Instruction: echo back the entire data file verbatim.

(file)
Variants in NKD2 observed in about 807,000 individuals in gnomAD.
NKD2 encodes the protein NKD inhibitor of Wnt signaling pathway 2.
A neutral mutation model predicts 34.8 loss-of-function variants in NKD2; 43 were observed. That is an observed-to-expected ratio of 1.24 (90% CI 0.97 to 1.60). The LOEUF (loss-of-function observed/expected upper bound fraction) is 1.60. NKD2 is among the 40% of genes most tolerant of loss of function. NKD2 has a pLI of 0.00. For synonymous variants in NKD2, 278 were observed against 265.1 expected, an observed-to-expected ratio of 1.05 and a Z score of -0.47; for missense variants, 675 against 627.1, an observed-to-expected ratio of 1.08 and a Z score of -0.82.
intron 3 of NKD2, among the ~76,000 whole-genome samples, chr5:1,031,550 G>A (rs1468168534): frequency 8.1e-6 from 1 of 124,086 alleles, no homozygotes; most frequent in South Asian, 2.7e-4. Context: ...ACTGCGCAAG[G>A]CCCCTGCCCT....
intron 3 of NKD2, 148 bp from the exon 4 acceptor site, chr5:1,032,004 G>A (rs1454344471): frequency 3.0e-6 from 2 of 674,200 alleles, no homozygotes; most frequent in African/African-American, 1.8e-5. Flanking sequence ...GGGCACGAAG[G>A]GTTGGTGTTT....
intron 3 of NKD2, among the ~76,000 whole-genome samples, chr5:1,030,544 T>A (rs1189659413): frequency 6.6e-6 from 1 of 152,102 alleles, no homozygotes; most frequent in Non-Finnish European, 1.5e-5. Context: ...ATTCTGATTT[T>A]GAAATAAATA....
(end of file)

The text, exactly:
Variants in NKD2 observed in about 807,000 individuals in gnomAD.
NKD2 encodes the protein NKD inhibitor of Wnt signaling pathway 2.
A neutral mutation model predicts 34.8 loss-of-function variants in NKD2; 43 were observed. That is an observed-to-expected ratio of 1.24 (90% CI 0.97 to 1.60). The LOEUF (loss-of-function observed/expected upper bound fraction) is 1.60. NKD2 is among the 40% of genes most tolerant of loss of function. NKD2 has a pLI of 0.00. For synonymous variants in NKD2, 278 were observed against 265.1 expected, an observed-to-expected ratio of 1.05 and a Z score of -0.47; for missense variants, 675 against 627.1, an observed-to-expected ratio of 1.08 and a Z score of -0.82.
intron 3 of NKD2, among the ~76,000 whole-genome samples, chr5:1,031,550 G>A (rs1468168534): frequency 8.1e-6 from 1 of 124,086 alleles, no homozygotes; most frequent in South Asian, 2.7e-4. Context: ...ACTGCGCAAG[G>A]CCCCTGCCCT....
intron 3 of NKD2, 148 bp from the exon 4 acceptor site, chr5:1,032,004 G>A (rs1454344471): frequency 3.0e-6 from 2 of 674,200 alleles, no homozygotes; most frequent in African/African-American, 1.8e-5. Flanking sequence ...GGGCACGAAG[G>A]GTTGGTGTTT....
intron 3 of NKD2, among the ~76,000 whole-genome samples, chr5:1,030,544 T>A (rs1189659413): frequency 6.6e-6 from 1 of 152,102 alleles, no homozygotes; most frequent in Non-Finnish European, 1.5e-5. Context: ...ATTCTGATTT[T>A]GAAATAAATA....